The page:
‘BE CAUTIOUS, FOLLOW INSTRUCTIONS’
Wisma Putra advises people to defer travel to typhoon-hit areas in the Philippines
MALAYSIANS have been urged to defer non-essential travel to areas affected by Typhoon Mangkhut in the Philippines.
In a statement yesterday, Wisma Putra said Malaysians who are visiting or live in the affected areas were advised to be cautious and follow instructions from local authorities.
“The Foreign Affairs Ministry confirms that no Malaysians have been reported injured as a result of the typhoon,” it said in a statement.
“The ministry through the Malaysian Embassy in Manila together with the Consulate General Office in Davao, Mindanao, are monitoring the situation.
“The embassy is also in close contact with local authorities for the latest updates and advisories.”
Malaysians in the affected areas who require consular assistance should contact either the Malaysian Embassy in Manila or the Consulate General in Davao, Mindanao.
The Malaysian embassy’s address is 107, Tordesillas Street, Salcedo Village, Makati City, 1227 Philippines.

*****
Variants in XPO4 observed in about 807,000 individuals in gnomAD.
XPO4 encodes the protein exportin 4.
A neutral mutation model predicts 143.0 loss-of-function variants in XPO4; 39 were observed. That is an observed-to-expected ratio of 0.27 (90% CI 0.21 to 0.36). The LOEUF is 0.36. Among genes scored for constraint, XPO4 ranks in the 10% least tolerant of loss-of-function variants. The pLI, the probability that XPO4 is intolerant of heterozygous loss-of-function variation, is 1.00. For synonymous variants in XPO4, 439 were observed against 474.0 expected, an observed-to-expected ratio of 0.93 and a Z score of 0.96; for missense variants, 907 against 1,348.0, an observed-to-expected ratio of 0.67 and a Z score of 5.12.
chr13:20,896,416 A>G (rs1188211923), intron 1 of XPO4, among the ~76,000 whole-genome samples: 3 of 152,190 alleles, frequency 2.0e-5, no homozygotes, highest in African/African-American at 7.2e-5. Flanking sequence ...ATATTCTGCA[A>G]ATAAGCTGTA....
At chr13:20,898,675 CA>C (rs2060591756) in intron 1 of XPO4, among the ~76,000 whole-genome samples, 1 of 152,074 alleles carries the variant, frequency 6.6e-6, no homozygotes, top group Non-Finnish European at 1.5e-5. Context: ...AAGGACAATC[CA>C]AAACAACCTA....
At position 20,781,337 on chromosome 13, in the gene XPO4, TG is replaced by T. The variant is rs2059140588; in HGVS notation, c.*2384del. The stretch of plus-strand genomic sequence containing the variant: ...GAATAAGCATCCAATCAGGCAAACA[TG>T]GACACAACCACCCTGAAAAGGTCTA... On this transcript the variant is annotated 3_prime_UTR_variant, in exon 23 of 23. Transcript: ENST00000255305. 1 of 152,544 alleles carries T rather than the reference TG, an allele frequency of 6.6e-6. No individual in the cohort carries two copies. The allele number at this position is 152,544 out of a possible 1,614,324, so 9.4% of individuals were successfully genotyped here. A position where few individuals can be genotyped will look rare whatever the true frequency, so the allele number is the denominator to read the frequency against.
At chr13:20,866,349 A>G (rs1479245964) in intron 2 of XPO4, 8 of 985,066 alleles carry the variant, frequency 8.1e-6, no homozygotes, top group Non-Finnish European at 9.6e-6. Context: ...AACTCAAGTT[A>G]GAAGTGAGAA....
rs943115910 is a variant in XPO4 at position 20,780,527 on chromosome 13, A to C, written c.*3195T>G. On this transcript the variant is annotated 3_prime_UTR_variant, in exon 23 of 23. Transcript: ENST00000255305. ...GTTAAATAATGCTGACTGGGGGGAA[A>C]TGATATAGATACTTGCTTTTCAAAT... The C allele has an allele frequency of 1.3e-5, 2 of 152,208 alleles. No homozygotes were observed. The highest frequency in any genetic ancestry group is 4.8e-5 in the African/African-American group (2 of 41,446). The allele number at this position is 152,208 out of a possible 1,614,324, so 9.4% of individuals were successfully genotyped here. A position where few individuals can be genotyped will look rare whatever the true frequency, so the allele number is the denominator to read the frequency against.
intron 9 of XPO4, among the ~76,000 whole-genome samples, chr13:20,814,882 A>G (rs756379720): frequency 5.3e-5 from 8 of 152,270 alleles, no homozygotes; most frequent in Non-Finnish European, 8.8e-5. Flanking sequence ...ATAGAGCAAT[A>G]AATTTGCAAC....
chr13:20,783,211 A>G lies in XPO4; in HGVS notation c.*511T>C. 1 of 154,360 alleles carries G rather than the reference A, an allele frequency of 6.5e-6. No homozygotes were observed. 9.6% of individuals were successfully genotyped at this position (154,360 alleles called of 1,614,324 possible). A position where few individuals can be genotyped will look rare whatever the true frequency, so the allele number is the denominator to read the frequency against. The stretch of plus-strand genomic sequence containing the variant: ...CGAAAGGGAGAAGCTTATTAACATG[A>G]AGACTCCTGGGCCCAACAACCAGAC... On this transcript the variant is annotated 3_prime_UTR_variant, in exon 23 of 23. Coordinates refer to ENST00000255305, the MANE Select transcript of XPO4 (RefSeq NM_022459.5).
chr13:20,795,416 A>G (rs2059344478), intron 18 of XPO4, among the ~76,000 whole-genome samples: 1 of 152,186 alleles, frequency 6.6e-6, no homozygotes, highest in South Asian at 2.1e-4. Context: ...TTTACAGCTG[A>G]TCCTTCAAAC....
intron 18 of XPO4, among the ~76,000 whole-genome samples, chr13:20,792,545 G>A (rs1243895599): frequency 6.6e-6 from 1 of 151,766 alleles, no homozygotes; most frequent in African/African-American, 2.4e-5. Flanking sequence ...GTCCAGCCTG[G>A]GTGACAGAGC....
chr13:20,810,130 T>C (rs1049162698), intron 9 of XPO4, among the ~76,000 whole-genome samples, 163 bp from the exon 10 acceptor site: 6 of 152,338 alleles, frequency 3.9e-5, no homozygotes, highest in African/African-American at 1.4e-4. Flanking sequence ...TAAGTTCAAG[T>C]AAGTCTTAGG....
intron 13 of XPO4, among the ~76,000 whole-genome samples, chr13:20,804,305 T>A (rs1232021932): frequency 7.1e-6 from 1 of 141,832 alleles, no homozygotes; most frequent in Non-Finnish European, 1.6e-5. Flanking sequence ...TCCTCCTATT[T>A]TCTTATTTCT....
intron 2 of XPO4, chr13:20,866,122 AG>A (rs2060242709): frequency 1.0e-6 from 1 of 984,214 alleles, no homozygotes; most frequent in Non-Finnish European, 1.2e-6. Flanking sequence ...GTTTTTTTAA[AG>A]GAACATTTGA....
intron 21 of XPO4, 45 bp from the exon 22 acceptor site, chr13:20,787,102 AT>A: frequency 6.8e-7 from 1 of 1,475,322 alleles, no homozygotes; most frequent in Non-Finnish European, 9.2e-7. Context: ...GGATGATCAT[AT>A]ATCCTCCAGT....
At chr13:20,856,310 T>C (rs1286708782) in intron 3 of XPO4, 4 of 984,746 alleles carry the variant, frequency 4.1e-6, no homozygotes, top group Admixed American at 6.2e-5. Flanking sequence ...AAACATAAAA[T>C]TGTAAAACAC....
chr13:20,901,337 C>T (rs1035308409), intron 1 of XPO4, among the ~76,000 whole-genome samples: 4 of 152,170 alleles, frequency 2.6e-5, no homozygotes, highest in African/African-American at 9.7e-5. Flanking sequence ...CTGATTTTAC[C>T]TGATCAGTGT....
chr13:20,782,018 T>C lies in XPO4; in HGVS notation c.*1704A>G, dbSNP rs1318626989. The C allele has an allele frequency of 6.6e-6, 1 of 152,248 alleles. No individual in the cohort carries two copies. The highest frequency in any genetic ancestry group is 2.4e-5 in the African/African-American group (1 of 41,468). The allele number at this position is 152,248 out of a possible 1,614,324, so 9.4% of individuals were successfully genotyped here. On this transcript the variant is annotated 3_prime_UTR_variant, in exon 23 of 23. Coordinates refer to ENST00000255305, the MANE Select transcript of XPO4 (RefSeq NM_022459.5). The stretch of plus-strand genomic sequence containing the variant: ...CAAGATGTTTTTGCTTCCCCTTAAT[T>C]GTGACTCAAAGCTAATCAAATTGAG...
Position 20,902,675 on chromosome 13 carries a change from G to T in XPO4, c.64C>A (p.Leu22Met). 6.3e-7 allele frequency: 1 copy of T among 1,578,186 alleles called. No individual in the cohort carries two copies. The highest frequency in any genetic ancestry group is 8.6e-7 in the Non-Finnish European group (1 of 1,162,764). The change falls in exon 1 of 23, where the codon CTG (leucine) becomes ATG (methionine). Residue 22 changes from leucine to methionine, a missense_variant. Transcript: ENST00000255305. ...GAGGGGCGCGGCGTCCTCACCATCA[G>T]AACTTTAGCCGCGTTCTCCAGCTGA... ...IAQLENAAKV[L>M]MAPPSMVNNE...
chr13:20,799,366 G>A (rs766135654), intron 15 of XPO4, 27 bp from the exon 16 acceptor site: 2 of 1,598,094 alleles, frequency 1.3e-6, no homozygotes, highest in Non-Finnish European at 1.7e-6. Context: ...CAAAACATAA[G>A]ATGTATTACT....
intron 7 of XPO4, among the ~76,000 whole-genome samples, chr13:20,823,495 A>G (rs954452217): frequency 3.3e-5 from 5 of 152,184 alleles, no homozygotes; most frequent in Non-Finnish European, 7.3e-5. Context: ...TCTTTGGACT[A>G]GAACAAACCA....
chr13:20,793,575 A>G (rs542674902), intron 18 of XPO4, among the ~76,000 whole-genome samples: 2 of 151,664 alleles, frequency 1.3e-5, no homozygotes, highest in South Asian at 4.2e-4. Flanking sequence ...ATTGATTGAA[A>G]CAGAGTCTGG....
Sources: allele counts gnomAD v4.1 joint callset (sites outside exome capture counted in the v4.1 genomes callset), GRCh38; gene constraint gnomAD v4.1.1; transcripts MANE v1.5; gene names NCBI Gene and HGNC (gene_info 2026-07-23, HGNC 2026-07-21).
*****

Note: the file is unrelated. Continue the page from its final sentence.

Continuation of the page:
It can be reached at +63 2 662 8200, +63 917 864 0761 (after working hours) or email@example.com.
The Consulate General of Malaysia is located on the second winds tore trees from the ground and rain unleashed dozens of landslides.
In the northern town of Baggao, the storm collapsed houses, tore off roofs and downed power lines.
Some roads were cut off by landslides and many remained submerged.
Farms across Luzon, which produces a large portion of the nation’s rice and corn, were submerged under muddy floodwaters, their crops ruined just a month before harvest.
More than 105,000 people fled their homes in the largely rural region.
The dead included many killed in landslides, a girl who drowned and a security guard crushed by a falling wall.
In addition to the 25 killed in the Philippines, a woman was swept out to sea in Taiwan.
An average of 20 typhoons and storms lash the Philippines each year.
The country’s deadliest storm on record is Typhoon Haiyan, which left more than 7,350 people dead or missing across the central Philippines in November 2013.
Typhoon Mangkhut has weakened since blasting into the Philippine coast on Saturday, but was packing sustained winds of 175km per hour as it hurtled towards China’s heavily populated southern coast.
Rain and strong winds lashed Hong Kong yesterday morning as the storm approached.
The city’s observatory warned that Typhoon Mangkhut would pass 100km south of Hong Kong at noon as it raised the storm alert to the highest level.
Broken glass from a gate in a restaurant seen in the wake of Typhoon Mangkhut making landfall in Guangdong province, Shenzhen, yesterday.